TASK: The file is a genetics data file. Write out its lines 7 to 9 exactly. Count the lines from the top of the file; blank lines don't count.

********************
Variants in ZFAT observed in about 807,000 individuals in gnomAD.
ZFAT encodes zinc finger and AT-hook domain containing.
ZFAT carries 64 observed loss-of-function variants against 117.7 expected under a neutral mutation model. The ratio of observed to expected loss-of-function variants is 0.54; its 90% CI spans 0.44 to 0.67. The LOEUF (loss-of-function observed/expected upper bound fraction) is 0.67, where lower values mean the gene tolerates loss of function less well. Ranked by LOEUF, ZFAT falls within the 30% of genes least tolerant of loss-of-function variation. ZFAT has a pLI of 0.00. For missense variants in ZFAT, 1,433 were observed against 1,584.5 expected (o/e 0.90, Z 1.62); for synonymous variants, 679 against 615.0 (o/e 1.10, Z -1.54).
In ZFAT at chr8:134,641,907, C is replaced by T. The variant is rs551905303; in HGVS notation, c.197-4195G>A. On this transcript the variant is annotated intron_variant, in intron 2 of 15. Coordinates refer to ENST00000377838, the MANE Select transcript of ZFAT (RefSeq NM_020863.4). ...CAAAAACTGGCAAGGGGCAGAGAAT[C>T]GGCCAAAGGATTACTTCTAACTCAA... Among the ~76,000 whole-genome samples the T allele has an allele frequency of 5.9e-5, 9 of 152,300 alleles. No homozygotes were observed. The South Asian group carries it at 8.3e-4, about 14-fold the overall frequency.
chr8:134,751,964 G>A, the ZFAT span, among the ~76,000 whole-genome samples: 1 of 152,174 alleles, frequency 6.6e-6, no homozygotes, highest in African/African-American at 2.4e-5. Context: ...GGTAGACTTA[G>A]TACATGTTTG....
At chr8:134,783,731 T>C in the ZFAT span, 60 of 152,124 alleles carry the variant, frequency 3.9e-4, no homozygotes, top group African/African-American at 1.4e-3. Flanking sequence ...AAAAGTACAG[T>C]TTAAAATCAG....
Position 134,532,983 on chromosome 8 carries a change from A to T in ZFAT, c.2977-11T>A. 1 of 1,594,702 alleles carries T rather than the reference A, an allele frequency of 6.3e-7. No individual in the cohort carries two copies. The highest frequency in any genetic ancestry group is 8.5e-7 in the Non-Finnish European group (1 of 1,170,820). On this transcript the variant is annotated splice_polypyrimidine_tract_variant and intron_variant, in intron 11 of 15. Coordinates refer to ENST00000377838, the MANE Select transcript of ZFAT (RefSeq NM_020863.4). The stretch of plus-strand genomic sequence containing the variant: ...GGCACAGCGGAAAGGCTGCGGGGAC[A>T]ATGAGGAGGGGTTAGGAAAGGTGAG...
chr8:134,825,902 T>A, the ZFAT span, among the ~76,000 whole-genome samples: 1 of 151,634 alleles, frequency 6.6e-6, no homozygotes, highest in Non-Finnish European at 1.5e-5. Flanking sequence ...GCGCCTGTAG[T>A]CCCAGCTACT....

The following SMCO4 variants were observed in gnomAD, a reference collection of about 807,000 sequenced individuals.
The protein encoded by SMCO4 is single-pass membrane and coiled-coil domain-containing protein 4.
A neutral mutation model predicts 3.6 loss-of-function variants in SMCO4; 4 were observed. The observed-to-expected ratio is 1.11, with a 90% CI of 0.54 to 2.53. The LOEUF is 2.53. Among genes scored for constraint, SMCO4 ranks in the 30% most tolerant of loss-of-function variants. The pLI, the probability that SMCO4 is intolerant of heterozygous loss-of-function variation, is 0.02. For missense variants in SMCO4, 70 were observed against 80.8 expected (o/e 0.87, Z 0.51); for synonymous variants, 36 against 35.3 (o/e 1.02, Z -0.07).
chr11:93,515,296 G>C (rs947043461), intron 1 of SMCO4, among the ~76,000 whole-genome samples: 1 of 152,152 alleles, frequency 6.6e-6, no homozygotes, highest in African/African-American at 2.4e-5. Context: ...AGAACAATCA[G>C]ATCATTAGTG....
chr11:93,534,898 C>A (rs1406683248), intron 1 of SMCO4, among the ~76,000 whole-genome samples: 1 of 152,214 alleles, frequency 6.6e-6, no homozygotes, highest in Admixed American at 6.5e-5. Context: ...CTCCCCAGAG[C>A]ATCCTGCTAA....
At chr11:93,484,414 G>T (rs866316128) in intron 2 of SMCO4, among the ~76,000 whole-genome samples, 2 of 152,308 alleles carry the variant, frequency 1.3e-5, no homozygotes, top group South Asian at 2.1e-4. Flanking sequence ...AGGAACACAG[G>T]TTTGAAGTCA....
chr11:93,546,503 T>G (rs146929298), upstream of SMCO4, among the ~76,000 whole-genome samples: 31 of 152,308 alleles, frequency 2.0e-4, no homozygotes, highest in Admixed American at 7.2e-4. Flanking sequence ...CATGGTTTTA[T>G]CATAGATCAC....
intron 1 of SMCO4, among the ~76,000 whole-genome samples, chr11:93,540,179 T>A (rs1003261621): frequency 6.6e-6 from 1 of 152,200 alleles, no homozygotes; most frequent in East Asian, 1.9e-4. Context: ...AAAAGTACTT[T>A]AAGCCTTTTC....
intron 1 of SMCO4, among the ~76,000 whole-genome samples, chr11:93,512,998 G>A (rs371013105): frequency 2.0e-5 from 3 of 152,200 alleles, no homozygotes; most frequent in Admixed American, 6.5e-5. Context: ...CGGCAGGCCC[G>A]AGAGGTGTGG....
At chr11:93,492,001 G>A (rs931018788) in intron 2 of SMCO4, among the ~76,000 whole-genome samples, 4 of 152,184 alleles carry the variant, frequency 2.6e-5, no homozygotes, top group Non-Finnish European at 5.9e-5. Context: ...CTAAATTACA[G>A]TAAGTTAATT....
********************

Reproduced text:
Position 134,532,983 on chromosome 8 carries a change from A to T in ZFAT, c.2977-11T>A. 1 of 1,594,702 alleles carries T rather than the reference A, an allele frequency of 6.3e-7. No individual in the cohort carries two copies. The highest frequency in any genetic ancestry group is 8.5e-7 in the Non-Finnish European group (1 of 1,170,820). On this transcript the variant is annotated splice_polypyrimidine_tract_variant and intron_variant, in intron 11 of 15. Coordinates refer to ENST00000377838, the MANE Select transcript of ZFAT (RefSeq NM_020863.4). The stretch of plus-strand genomic sequence containing the variant: ...GGCACAGCGGAAAGGCTGCGGGGAC[A>T]ATGAGGAGGGGTTAGGAAAGGTGAG...
chr8:134,825,902 T>A, the ZFAT span, among the ~76,000 whole-genome samples: 1 of 151,634 alleles, frequency 6.6e-6, no homozygotes, highest in Non-Finnish European at 1.5e-5. Flanking sequence ...GCGCCTGTAG[T>A]CCCAGCTACT....

The following SMCO4 variants were observed in gnomAD, a reference collection of about 807,000 sequenced individuals.